This is an ongoing project on which we have recently been complimented by the EA, and we are pleased to say that as a result of our hard work so far, the EA is looking to extend the RPS (regulatory position statement) it issued at the end of last year. This will allow the continuation of low-grade waste wood to be sent to panel board and Chapter IV IED/WID-compliant biomass boilers while the project is completed.

One interesting fact that has come out of this project is the explanation as to why Germany appears to have as much as 15% hazardous wood within its waste wood stream while in the UK we believed it to be much lower.

It is now agreed by all parties that this is because Germany has an outlet for hazardous wood – it can be legally burnt in the many hundreds of large-scale boilers the country houses. Therefore there is no need or incentive for reprocessors to separate it from thermal waste streams, skewing the figures as to what proportion of a load actually is hazardous.

In the UK, what is becoming crystal clear is that the percentage of hazardous wood in our waste stream is currently less than 0.1%, and although this may increase slightly as a result of the work we are currently doing, it will remain far below the levels seen in Germany. We will continue to work with colleagues to complete this project and look forward to sharing the result in due course.

Another issue the WRA has been responding to over the summer is Defra’s clean air strategy consultation, which raised other and new issues for our sector, namely the burning of wood in the domestic setting.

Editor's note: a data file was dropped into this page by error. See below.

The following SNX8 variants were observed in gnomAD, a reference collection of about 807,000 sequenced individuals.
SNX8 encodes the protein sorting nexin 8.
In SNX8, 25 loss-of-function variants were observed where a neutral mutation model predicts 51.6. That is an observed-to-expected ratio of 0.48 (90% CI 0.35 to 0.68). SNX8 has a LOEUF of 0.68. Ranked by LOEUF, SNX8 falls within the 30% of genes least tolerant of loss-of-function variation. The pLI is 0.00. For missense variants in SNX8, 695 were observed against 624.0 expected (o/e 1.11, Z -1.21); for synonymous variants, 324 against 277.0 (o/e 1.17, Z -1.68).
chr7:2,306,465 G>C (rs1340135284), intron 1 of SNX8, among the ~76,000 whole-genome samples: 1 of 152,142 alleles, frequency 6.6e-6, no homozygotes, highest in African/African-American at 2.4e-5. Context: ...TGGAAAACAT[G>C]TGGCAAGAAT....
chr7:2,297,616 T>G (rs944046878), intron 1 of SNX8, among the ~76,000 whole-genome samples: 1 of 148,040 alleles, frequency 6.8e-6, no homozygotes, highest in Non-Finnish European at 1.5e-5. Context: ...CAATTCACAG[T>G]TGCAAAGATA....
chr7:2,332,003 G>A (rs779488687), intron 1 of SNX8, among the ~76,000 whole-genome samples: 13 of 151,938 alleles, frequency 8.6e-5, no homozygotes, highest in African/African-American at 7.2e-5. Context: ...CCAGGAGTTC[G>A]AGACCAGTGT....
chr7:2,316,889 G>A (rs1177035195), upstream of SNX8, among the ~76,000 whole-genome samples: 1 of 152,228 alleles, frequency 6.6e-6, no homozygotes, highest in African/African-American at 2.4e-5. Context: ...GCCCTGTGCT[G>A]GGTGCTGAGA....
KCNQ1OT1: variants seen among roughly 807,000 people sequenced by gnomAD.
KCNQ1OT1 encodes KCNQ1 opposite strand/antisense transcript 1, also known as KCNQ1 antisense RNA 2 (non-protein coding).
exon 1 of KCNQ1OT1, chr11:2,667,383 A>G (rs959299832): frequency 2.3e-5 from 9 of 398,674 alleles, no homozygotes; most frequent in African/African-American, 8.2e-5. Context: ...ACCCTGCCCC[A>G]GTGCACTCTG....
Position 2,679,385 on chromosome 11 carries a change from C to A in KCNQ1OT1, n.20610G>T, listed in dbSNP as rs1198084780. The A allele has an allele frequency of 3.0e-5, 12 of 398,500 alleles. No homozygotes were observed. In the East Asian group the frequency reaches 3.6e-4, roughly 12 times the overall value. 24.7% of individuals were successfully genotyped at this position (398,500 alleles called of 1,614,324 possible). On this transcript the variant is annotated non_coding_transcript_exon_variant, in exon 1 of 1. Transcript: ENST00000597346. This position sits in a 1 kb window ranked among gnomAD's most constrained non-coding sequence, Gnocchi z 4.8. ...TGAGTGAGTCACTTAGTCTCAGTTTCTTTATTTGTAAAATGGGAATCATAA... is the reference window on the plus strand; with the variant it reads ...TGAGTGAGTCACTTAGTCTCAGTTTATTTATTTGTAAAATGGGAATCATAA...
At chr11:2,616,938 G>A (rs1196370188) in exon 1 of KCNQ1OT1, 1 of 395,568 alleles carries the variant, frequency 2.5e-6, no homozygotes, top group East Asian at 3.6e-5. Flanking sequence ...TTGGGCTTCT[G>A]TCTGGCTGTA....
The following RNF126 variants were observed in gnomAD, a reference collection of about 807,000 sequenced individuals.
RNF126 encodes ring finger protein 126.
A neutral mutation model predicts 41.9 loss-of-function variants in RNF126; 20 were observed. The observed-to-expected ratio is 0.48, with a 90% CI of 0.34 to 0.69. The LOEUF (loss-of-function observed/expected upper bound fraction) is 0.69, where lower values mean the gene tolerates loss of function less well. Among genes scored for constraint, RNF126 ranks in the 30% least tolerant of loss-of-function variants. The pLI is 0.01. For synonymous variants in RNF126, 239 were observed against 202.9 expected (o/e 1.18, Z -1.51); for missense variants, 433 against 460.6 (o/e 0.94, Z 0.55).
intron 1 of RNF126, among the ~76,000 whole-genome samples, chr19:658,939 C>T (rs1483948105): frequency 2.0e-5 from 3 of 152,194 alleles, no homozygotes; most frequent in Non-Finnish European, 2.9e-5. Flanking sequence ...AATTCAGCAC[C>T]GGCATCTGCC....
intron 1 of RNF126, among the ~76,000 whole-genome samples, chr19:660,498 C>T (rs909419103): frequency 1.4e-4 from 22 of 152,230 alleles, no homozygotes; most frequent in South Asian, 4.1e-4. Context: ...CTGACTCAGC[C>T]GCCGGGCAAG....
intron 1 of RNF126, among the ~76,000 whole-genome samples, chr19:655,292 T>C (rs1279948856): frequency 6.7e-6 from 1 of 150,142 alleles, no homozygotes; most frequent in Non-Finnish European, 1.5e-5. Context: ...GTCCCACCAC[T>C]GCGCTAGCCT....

The WRA submitted a response outlining a number of concerns, including that confusion is being caused by some reports that link the burning of wood domestically versus commercially compliant biomass.

Headlines stating that burning wood causes pollutants damaging to health are not only unhelpful but quite clearly also inaccurate.

For the WRA the message is clear: Chapter IV IED/WID-compliant biomass boilers are licensed to burn post-consumer waste wood that has been properly processed to an exact specification. These boilers are regulated 24 hours a day, seven days a week. They possess flue gas abatement technology which ensures their emissions are within strict tolerances, thus protecting the air we breathe.

On the opposite side of the coin are the domestic boilers and log burners, and for the WRA we maintain our position that only clean, untreated pre-consumer waste wood or suitably dried virgin wood should be burnt in these.

In addition, we would advise that wood should only be burnt in modern burners or boilers and that flues are cleaned out regularly. These simple steps should surely allow those who want to enjoy a domestic wood burner to do so.

Understanding the differences may seem simple to those of us working in the industry but to the public at large it isn’t, and there is a real danger that the burning of wood will become synonymous with air pollutants if we don’t publicly clarify the difference now.

Acting responsibly, wood can be burnt safely domestically and commercially. Furthermore, the large-scale compliant biomass plants will help to power approximately 800,000 UK households, once those currently in their build and commissioning phases come on line in the next six to 12 months, bringing me back to my point on Brexit.

Andy Hill is chairman of the Wood Recycler's Association